The overarching question imparting urgency to this exploration is: Can U.S.-Russian contention in cyberspace cause the two nuclear superpowers to stumble into war? In considering this question we were constantly reminded of recent comments by a prominent U.S. arms control expert: At least as dangerous as the risk of an actual cyberattack, he observed, is cyber operations’ “blurring of the line between peace and war.” Or, as Nye wrote, “in the cyber realm, the difference between a weapon and a non-weapon may come down to a single line of code, or simply the intent of a computer program’s user.”
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Ernest J. Moniz was a Senior Fellow with the Project on Managing the Atom. He served as the thirteenth United States Secretary of Energy from 2013 to January 2017. As Secretary, he advanced energy technology innovation, nuclear security and strategic stability, cutting-edge capabilities for the American scientific research community, and environmental stewardship. He strengthened the Department of Energy (DOE) strategic partnership with its seventeen national laboratories and with the Department of Defense and the broader national security establishment. Specific accomplishments included producing analytically-based energy policy proposals that attracted bipartisan support and statutory implementation, leading an international initiative that placed energy science and technology innovation at the center of the global response to climate change, and negotiating alongside the Secretary of State the historic Iran nuclear agreement. He reorganized a number of DOE program elements, elevated sound project and risk management, and strengthened enterprise-wide management to improve mission outcomes.
Dr. Moniz previously served in government as DOE Under Secretary from 1997 until January 2001 with science, energy and nuclear security responsibilities and from 1995 to 1997 as Associate Director for Science in the Office of Science and Technology Policy with responsibility for the physical, life and social sciences. He was a member of the President’s Council of Advisors on Science and Technology and of the Defense Threat Reduction Advisory Committee from 2009 to 2013. He also served on the Blue Ribbon Commission on America’s Nuclear Future that provided advice to the President and the Secretary of Energy on nuclear waste management.
Dr. Moniz served on the Massachusetts Institute of Technology faculty from 1973 until becoming Secretary of Energy in 2013. He held the Cecil and Ida Green Professor of Physics and Engineering Systems Chair, was the Founding Director of the MIT Energy Initiative (MITEI), and was Director of the Laboratory for Energy and the Environment. MITEI grew to involve a substantial number of faculty across the entire Institute, launched new educational programs for energy, and established novel models for industry-faculty engagement that simultaneously provided individualized company research portfolios with a commons that lifted the entire energy enterprise.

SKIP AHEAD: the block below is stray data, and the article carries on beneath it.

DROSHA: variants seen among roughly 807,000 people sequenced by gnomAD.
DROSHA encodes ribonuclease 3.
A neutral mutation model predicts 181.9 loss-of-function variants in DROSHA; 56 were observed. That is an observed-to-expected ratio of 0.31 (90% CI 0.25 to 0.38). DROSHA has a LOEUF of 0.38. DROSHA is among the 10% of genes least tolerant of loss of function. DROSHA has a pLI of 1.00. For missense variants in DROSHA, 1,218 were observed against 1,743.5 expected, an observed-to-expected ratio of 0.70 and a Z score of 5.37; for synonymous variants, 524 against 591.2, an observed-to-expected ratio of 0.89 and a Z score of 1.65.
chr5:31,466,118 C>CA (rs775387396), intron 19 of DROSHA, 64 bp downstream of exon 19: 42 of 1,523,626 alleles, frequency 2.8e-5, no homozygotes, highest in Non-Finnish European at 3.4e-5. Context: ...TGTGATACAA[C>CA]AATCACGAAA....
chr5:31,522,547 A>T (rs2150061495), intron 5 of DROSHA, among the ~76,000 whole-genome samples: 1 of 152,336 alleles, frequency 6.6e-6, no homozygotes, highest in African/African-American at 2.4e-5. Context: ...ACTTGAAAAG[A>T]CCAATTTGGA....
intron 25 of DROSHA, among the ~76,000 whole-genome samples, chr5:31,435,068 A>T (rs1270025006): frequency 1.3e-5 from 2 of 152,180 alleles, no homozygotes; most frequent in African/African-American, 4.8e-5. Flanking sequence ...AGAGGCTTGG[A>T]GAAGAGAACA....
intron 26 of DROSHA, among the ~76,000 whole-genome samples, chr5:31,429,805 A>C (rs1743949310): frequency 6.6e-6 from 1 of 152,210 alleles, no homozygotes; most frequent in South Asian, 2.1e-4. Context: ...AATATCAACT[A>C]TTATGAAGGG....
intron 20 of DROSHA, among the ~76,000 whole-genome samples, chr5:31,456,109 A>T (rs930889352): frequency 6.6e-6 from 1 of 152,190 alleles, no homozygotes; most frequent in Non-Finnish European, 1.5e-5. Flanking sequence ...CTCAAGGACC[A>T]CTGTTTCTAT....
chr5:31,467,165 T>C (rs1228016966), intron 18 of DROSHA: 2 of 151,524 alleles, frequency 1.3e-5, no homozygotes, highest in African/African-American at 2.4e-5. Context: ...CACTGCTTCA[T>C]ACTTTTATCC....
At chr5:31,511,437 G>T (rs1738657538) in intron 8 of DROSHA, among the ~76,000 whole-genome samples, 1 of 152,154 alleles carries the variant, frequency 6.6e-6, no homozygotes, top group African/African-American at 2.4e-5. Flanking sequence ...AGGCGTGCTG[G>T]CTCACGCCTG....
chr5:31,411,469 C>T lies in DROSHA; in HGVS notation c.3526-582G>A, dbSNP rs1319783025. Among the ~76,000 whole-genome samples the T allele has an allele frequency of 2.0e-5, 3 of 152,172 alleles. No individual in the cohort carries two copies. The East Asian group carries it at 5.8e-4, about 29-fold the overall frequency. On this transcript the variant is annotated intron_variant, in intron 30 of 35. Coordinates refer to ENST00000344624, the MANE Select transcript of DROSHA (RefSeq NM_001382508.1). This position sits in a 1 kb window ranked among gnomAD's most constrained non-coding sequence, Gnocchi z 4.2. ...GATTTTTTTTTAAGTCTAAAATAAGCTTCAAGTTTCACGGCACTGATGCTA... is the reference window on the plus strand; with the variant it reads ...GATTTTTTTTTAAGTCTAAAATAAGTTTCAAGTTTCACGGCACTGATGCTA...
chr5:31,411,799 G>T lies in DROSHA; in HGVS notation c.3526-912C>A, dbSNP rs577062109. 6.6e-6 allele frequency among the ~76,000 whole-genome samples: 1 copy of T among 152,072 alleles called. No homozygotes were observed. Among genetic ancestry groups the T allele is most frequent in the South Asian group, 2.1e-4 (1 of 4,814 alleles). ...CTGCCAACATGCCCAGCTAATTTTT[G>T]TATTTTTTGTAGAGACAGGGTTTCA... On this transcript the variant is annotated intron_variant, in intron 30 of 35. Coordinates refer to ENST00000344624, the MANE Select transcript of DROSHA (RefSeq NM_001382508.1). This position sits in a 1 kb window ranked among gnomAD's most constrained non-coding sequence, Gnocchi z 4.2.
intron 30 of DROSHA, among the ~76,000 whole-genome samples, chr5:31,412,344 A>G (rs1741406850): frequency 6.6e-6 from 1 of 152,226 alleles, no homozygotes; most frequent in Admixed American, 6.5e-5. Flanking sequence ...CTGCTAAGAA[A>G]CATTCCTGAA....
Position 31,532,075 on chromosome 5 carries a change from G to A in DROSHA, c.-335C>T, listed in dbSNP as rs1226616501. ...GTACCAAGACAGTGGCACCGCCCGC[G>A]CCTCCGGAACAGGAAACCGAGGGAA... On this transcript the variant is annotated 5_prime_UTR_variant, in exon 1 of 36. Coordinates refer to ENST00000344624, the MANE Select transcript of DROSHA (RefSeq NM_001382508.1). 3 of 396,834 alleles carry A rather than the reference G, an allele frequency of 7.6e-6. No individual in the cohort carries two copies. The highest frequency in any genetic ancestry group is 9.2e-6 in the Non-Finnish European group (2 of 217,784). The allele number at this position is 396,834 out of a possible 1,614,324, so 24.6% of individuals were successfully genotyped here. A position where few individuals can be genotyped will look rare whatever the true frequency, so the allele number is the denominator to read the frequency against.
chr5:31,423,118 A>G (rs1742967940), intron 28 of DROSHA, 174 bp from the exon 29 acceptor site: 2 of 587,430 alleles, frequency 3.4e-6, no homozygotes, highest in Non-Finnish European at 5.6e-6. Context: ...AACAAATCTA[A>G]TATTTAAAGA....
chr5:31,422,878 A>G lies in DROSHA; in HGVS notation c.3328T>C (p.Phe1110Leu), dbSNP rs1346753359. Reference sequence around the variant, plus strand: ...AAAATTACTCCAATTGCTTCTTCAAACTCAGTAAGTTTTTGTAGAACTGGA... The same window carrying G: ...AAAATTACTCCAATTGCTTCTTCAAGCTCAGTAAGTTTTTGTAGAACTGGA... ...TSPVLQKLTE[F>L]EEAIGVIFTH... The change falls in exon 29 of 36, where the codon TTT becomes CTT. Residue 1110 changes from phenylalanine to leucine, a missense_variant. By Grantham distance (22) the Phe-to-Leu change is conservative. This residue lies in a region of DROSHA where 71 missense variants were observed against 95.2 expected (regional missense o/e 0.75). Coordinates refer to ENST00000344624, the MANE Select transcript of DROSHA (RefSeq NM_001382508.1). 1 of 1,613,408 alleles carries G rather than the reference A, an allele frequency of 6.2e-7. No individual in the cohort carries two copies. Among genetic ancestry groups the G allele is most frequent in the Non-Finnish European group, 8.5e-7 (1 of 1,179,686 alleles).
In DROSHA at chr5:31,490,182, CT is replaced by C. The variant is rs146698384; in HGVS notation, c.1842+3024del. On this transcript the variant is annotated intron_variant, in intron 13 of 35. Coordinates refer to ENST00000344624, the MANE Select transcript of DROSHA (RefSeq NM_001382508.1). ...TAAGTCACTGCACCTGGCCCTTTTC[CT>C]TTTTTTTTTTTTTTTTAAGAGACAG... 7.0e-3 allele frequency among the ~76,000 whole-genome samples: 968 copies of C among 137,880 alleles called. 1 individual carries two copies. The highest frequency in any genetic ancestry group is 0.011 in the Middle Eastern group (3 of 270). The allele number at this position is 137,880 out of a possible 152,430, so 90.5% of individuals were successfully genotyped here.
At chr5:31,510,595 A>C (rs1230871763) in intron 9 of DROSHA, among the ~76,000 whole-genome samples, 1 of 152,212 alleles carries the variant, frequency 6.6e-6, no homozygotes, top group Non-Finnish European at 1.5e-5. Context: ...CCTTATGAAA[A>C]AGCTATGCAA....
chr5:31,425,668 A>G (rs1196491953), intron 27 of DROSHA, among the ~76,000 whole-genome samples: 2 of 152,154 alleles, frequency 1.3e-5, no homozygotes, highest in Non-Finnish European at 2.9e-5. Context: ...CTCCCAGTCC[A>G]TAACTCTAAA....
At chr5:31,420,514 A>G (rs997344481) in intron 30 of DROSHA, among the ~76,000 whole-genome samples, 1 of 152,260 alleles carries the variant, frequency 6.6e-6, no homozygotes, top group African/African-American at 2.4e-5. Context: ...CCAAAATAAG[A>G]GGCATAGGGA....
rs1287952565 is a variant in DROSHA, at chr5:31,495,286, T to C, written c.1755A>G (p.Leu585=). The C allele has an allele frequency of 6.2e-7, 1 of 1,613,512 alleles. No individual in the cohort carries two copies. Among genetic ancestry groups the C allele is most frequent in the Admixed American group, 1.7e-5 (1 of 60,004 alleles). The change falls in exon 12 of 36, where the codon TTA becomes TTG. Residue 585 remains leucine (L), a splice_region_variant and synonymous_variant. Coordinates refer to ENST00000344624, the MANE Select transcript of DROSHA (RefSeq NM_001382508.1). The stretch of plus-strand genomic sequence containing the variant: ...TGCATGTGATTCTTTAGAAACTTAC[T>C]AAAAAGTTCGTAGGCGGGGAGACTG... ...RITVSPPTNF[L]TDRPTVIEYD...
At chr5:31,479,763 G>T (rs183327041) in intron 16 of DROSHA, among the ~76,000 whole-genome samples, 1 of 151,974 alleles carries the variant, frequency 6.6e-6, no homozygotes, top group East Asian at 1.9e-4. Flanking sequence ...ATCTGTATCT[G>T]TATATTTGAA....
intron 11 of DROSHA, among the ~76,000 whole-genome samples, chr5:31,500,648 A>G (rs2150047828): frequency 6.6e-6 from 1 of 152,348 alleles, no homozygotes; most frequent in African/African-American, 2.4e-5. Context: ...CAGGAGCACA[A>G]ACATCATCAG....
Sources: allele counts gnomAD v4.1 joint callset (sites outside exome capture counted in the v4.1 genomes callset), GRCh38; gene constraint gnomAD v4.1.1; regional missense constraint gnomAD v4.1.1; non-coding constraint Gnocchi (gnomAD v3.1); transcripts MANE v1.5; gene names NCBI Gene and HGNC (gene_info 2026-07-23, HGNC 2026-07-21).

Prior to government service, Moniz was Head of the Department of Physics during 1991-1995 and 1997 and Director of the Bates Linear Accelerator Center from 1983-1991. His physics research centered on developing the theoretical framework for understanding intermediate energy electron and meson interactions with atomic nuclei. Since 2001, his primary research focus has been energy technology and policy, including a leadership role in MIT multidisciplinary technology and policy studies addressing pathways to a low-carbon world (such as Future of Nuclear Power, of Coal, of Natural Gas and of the Nuclear Fuel Cycle). These studies had significant impact on energy policy.
Dr. Moniz received a Bachelor of Science degree summa cum laude in physics from Boston College, a doctorate in theoretical physics from Stanford University, and eight honorary doctorates1, including three from European universities. He is a member of the Council on Foreign Relations and received the 1998 Seymour Cray HPCC Industry Recognition Award for vision and leadership in advancing scientific simulation. Among other awards, he is the recipient of the Distinguished Public Service Medals of the Department of Defense and of the Navy. He also was awarded the Grand Cross of the Order of Makarios III (Cyprus) and of the Order of Prince Henry the Navigator (Portugal). Moniz received the Charles Percy Award of the Alliance to Save Energy and the Right Stuff Award of the Blue-Green Alliance Foundation. He is a Fellow of the American Physics Society, the American Association for the Advancement of Science, the Humboldt Foundation, and the American Academy of Arts and Sciences.
Dr. Moniz is a resident of Brookline Massachusetts with his wife Naomi of more than four decades, their daughter Katya, and grandchildren Alex and Eve. He is a very modestly accomplished but very enthusiastic practitioner of fly-fishing and soccer.
1. Athens University (Greece), University of Erlangen-Nurenberg (Germany), Michigan State University, University of Massachusetts Dartmouth, Universidad Pontifical de Comillas (Spain), Iowa State University, Boston University, Boston College.
Received the 1998 Seymour Cray HPCC Industry Recognition Award for vision and leadership in advancing scientific simulation. Among other awards, he is the recipient of the Distinguished Public Service Medals of the Department of Defense and of the Navy. He also was awarded the Grand Cross of the Order of Makarios III (Cyprus) and of the Order of Prince Henry the Navigator (Portugal). Moniz received the Charles Percy Award of the Alliance to Save Energy and the Right Stuff Award of the Blue-Green Alliance Foundation. He is a Fellow of the American Physics Society, the American Association for the Advancement of Science, the Humboldt Foundation, and the American Academy of Arts and Sciences.
Outside Professional Activities
He is a member of the Council on Foreign Relations.